Human performance principles, which are well developed in aviation and healthcare, still represent an emerging science within the oil and gas industry. The industry managed to significantly reduce injuries over the last decade with multiple programs ranging from HSE Leadership to Behavior-Based Safety to the point when the incidents plateaued according to IOGP and IADC incident statistics. This triggered a deeper look into human performance best practices and their applicability within the oil and gas sector. This paper aims to provide an alternative approach to adopt Human Performance science to the dynamic operations risk assessment process within an Oilfield Services Company. After the analysis of the existing human reliability assessment tools, a decision was made to adopt a human performance tool known as Human Error Assessment & Reduction Technique (HEART) into a service provider’s risk assessment process with a primary focus on Error Producing Conditions (EPC). An internal survey was undertaken to define Error Producint Condition, which are most relevant to the dynamic nature of oil and gas services operations and couple them with the Reasons’s performance modes and their effect on error appearance. This approach allowed to significantly simplify the risk assessment process and adequately focus on key factors known to produce conditions for human error. This naturally integrated into our existing qualitative risk assessment to recalculate the overall risk of a certain task and enhanced workers’ ability to recognize potentially dangerous external and internal factors.
The field tests of the improved human performance risk assessments reshaped the standard risk assessment practices, moving the focus to and targeting the inherent unreliability of the task as a result of error producing conditions caused by unavoidable human interactions within the complex systems. This approach proved effective in improving the overall understanding of dynamic human reliability related risks among the front line employees by around 30%. The hypothesis is that by introducing key human performance factors to the day-to-day risk assessment will help build awareness of human factors and their relationship to the probability of an existing risk. At the same time, utilizing an already effective system – risk assessment – to introduce human factors methods will help avoid the complexity associated with its implementation of an additional human reliability tool and still get the benefit of key elements of a well-established method.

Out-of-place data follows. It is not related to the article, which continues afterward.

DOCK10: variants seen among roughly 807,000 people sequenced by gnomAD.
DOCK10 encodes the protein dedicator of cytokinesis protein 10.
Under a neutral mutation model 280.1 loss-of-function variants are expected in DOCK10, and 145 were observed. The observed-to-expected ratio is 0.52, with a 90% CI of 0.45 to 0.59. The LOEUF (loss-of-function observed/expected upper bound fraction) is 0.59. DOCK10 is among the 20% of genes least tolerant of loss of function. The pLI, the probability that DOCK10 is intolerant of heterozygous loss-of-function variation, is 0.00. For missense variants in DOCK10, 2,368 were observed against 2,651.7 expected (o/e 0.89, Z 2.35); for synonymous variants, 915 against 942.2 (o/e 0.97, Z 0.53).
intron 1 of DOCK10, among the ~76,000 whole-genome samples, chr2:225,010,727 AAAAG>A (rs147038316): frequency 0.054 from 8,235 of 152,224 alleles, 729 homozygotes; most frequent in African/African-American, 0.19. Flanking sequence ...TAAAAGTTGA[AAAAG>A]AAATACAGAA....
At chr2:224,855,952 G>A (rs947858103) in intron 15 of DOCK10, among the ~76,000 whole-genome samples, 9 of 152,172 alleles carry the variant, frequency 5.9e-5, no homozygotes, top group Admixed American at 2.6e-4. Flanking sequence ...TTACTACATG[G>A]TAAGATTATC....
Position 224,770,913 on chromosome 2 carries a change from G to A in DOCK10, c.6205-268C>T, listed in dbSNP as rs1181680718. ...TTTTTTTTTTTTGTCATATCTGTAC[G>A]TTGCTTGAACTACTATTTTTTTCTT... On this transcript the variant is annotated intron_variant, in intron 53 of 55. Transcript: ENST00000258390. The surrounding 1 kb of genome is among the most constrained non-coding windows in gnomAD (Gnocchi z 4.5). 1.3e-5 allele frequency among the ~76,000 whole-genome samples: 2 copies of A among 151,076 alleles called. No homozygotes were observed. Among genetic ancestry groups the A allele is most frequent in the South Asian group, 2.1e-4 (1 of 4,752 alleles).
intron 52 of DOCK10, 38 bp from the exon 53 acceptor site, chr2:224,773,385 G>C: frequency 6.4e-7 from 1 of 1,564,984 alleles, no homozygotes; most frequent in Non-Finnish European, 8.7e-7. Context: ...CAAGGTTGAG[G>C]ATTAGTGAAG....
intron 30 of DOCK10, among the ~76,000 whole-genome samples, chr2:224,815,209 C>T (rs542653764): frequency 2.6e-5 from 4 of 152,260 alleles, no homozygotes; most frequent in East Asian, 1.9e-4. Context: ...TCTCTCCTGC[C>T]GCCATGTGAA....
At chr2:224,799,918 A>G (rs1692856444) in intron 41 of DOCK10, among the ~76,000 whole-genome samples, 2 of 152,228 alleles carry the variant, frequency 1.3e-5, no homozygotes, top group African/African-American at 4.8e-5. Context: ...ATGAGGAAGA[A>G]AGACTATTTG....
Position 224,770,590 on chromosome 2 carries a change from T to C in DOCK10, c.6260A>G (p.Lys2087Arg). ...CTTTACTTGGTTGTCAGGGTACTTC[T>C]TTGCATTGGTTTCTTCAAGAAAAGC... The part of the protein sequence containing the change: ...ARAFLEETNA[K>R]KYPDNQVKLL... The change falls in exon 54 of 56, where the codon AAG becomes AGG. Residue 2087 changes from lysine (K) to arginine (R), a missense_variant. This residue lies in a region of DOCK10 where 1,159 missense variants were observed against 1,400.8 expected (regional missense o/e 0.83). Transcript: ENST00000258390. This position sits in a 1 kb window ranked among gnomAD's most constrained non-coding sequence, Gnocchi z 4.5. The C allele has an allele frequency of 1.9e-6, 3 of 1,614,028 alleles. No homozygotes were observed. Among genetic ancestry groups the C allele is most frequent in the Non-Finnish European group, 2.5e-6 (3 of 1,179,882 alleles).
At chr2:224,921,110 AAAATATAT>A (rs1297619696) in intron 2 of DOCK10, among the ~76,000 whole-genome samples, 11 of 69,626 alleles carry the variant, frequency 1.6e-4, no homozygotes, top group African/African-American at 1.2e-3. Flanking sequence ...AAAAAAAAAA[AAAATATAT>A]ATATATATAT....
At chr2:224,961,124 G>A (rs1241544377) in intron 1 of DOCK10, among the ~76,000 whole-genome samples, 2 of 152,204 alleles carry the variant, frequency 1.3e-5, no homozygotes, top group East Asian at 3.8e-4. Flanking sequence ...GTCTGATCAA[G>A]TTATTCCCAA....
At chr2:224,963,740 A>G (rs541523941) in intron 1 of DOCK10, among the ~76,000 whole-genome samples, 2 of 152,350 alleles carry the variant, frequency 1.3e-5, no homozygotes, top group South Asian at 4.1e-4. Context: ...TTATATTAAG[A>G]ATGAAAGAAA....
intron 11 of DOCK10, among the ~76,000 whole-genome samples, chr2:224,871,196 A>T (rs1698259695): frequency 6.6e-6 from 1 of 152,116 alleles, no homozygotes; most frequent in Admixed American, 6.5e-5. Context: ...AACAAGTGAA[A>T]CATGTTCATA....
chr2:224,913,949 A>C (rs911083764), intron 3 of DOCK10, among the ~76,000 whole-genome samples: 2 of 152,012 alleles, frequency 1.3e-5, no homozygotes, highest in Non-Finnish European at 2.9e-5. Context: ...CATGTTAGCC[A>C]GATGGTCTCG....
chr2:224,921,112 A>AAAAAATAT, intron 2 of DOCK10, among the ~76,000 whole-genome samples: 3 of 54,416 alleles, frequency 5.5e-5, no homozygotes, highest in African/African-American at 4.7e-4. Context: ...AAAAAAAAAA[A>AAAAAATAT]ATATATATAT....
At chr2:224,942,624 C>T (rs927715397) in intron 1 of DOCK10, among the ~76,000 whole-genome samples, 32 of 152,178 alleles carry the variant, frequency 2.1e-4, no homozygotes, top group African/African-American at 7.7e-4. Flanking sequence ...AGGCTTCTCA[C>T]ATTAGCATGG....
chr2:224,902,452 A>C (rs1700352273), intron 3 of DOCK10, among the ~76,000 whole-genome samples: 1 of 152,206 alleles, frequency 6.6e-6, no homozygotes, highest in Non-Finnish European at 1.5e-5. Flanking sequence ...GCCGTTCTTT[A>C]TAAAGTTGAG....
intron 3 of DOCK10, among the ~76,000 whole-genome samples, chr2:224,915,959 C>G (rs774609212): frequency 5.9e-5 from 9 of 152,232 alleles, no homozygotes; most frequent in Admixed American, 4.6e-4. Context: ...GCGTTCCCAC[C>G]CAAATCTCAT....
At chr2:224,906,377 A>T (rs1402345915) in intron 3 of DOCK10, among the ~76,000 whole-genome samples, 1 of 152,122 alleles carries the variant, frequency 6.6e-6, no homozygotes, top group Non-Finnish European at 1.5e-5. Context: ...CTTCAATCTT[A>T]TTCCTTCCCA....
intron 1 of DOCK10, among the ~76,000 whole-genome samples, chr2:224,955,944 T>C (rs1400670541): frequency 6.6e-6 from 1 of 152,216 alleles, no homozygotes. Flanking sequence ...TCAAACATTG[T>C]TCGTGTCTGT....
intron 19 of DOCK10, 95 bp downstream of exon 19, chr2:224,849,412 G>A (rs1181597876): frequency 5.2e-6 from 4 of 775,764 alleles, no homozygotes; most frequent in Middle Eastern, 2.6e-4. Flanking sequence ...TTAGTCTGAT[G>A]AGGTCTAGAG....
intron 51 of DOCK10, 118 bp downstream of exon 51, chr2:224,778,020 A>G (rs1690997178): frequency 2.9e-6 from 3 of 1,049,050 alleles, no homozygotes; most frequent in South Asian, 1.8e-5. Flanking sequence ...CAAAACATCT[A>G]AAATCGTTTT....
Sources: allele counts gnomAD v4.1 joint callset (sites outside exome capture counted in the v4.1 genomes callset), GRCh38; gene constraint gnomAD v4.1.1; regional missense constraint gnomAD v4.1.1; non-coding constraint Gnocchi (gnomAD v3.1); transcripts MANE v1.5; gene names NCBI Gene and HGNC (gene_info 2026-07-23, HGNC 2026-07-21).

This approach has undertaken to combine two existing effective systems: a standard risk assessment with integrated human factors under a customized umbrella fully suitable for Oilfield Service Company’s work specifics. This paper provides insights on how human factors can impact the level of risk and outlines the control measures targeted at such factors that can be missed if a standard risk assessment is applied.